Me: You guys? I give up trying to get anything done and return to the kitchen, where my children are on the floor beneath the table, squishing the grapes up and putting the crushed carcasses into the colander.
Me: Okay, this is not at all what I asked you to do. Why are you squishing those grapes??? As if I'm going to get a civilized answer, like, "Momma, we are seriously contemplating starting up our own winery, and we wanted to see if this year's crop of Chilean grapes had the proper characteristics to produce a full-bodied, mature carafe of wine."
Rollie: Because it's fun.
Me: Well, here's a paper towel--I want you to wipe up all that yucky juice from your grapes, finish cleaning up, and then you're both going in Time Out. 
They do what they're told, even though it's becoming clearer to me that Time Out is about as effective a punishment as making them eat a handful of M&M's dipped in marshmallow fluff.

As promised, I put them in time out together, ignoring them giggle and make faces at each other as I try to finish whatever the hell it was I was doing twenty interruptions ago. Although I have to admit, it is kind of funny, them being so f-ing mischievous. They feed off each other, and seem to have a great time seeing how much they can get away with before Mommy goes Joan Crawford on their dimpled little asses. They remind me very much of my sister Carrie and me, and all the sneaky crap we used to pull--although now that I think about it, nothing we did seemed to really faze our mother. She'd seen enough by the time kids 4 and 5 rolled around that if we elicited an over-tired sigh or banishment to the backyard, we must have really done some serious sinning. Needless to say, Carrie and I found ourselves in the backyard a lot. Even in knee-deep snow with negative 12-degree windchill.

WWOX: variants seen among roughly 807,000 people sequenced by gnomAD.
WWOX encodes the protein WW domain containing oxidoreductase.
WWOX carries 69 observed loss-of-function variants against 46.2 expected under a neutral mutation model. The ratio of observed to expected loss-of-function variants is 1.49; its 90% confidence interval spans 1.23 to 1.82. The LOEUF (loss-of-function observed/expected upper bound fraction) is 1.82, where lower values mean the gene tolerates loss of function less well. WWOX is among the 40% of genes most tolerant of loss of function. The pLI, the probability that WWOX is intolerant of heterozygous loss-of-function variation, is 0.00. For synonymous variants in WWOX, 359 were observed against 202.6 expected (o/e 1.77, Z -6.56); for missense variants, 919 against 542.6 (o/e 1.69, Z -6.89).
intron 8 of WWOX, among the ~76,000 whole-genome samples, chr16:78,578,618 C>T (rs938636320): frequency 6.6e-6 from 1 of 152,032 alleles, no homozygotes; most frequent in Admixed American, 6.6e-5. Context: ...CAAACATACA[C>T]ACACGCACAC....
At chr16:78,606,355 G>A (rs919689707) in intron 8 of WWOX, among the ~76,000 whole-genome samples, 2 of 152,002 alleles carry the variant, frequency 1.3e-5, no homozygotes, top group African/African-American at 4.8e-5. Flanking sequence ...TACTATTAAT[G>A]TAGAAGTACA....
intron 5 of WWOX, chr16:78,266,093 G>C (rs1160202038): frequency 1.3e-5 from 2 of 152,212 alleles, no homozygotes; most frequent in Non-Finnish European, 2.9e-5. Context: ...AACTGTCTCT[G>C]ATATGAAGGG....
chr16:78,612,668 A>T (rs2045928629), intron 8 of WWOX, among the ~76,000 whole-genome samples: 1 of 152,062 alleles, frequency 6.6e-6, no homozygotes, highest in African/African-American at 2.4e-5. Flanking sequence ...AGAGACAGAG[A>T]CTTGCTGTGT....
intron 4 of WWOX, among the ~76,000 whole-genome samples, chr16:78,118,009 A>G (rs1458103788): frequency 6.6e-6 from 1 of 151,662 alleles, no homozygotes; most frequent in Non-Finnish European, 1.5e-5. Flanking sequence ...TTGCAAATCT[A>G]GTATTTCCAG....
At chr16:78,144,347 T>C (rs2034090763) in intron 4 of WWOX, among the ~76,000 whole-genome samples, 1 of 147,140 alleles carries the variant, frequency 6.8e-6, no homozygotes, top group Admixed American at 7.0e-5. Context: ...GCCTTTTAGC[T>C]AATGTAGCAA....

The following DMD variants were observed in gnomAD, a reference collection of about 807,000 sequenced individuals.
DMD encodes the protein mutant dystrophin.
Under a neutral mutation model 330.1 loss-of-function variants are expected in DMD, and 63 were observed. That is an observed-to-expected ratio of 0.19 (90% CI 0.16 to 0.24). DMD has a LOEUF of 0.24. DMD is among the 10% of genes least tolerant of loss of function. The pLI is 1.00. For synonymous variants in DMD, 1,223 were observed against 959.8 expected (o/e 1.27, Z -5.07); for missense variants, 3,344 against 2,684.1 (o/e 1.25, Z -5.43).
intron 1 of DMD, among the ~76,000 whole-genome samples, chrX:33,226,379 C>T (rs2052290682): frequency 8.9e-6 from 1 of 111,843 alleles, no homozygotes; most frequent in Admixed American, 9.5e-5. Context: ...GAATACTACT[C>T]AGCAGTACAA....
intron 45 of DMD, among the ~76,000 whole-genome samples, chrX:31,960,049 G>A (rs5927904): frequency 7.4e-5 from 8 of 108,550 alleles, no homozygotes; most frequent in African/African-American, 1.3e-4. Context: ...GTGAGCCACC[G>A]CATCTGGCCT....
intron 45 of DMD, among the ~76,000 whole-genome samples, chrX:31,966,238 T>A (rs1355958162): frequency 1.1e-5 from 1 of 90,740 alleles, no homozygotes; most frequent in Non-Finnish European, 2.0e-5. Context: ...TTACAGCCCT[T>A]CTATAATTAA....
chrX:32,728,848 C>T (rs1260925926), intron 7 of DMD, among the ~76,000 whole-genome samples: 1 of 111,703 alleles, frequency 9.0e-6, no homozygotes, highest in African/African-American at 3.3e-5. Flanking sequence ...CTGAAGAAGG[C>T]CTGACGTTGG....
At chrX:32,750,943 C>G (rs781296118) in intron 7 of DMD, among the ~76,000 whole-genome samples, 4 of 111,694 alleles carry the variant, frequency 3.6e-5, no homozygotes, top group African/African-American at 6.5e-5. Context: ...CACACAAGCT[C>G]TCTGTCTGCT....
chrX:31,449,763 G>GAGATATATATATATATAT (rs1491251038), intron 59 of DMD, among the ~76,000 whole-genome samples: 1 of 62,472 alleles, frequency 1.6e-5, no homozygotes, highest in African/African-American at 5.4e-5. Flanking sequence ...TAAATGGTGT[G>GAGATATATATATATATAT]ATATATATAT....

Uh-oh--I hear the Wrap it Up music coming on, so I'll cut the rest short. Even though throughout the rest of the afternoon, my children managed to:

a.) break one of our kitchen chairs
b.) pee on the floor (where my dog came this close to licking it up before I freaked out and put him outside, even though it would have saved me the trouble of cleaning it up myself)
c.) drop a 20-pound speaker component on his big toe and send me into heart-attack mode where I thought there was another ER trip in my immediate future
122 days and counting
d.) get into the Ovaltine. Again.

Okay, I think that's it.... How many days did I say were left before my next beer?

1 comment:

  1. You COULD shave your head and get a baseball cap and a pair of mad glasses.